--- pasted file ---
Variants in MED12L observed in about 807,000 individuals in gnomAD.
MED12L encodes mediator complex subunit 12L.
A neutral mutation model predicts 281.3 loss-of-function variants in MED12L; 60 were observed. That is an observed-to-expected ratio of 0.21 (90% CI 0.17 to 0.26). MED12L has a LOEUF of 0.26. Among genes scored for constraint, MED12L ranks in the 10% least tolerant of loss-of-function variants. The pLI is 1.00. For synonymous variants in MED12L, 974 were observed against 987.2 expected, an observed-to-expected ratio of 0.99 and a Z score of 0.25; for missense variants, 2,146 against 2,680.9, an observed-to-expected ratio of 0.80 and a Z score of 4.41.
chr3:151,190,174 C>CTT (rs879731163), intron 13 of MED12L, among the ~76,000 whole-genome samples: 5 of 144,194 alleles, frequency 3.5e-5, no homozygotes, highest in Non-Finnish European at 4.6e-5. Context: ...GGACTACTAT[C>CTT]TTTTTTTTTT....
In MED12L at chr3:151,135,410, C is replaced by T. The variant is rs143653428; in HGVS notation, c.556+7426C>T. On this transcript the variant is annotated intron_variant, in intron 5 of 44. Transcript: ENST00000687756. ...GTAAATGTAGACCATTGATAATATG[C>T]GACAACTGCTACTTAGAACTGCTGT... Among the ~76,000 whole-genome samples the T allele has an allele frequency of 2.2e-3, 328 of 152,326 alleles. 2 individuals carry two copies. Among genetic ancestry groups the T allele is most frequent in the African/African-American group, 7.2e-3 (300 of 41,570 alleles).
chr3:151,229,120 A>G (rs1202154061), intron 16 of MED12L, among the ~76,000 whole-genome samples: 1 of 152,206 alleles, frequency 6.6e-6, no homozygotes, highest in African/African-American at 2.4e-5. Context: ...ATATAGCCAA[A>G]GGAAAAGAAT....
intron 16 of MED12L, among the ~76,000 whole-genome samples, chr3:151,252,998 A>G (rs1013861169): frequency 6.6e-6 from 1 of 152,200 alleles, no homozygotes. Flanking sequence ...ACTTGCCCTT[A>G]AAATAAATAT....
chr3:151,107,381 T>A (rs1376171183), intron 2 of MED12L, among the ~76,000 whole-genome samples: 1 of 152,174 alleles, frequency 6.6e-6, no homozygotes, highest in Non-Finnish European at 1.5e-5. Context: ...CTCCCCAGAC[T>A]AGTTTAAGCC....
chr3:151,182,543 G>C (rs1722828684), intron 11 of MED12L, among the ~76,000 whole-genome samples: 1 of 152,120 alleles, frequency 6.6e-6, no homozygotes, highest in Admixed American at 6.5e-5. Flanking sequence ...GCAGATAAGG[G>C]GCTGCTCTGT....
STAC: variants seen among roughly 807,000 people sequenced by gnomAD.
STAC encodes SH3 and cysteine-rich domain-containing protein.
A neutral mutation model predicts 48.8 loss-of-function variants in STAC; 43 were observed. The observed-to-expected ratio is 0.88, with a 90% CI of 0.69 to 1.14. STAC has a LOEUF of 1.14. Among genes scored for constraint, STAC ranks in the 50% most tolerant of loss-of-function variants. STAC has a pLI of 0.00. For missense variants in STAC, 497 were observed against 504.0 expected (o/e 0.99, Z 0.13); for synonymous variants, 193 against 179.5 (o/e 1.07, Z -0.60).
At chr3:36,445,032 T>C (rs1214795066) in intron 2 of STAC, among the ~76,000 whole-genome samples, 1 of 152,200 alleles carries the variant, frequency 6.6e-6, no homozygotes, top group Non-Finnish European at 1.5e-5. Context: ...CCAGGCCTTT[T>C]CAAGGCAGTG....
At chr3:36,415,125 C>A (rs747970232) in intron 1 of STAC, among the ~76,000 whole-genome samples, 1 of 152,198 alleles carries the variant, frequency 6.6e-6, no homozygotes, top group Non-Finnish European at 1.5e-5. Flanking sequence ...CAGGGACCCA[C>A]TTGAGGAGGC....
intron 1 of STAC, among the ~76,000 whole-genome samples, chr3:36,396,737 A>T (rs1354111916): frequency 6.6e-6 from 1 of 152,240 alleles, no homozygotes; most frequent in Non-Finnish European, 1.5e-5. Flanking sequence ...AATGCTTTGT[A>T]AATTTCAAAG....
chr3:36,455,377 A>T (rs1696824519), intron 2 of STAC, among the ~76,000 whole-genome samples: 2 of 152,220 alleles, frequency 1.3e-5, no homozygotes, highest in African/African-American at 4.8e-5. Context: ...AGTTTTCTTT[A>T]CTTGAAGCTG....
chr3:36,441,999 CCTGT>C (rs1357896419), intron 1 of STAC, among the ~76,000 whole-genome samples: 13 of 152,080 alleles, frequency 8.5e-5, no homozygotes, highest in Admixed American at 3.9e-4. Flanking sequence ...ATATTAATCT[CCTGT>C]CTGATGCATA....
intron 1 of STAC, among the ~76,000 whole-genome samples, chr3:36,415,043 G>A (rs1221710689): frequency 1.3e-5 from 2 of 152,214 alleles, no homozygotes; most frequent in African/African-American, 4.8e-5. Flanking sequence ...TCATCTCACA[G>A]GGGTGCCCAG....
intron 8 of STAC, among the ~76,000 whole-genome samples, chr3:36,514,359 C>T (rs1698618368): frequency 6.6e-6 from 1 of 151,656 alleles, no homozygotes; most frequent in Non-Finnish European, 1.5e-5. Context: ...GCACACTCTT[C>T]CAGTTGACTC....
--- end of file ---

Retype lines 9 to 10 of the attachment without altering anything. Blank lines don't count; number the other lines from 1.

chr3:151,182,543 G>C (rs1722828684), intron 11 of MED12L, among the ~76,000 whole-genome samples: 1 of 152,120 alleles, frequency 6.6e-6, no homozygotes, highest in Admixed American at 6.5e-5. Flanking sequence ...GCAGATAAGG[G>C]GCTGCTCTGT....
STAC: variants seen among roughly 807,000 people sequenced by gnomAD.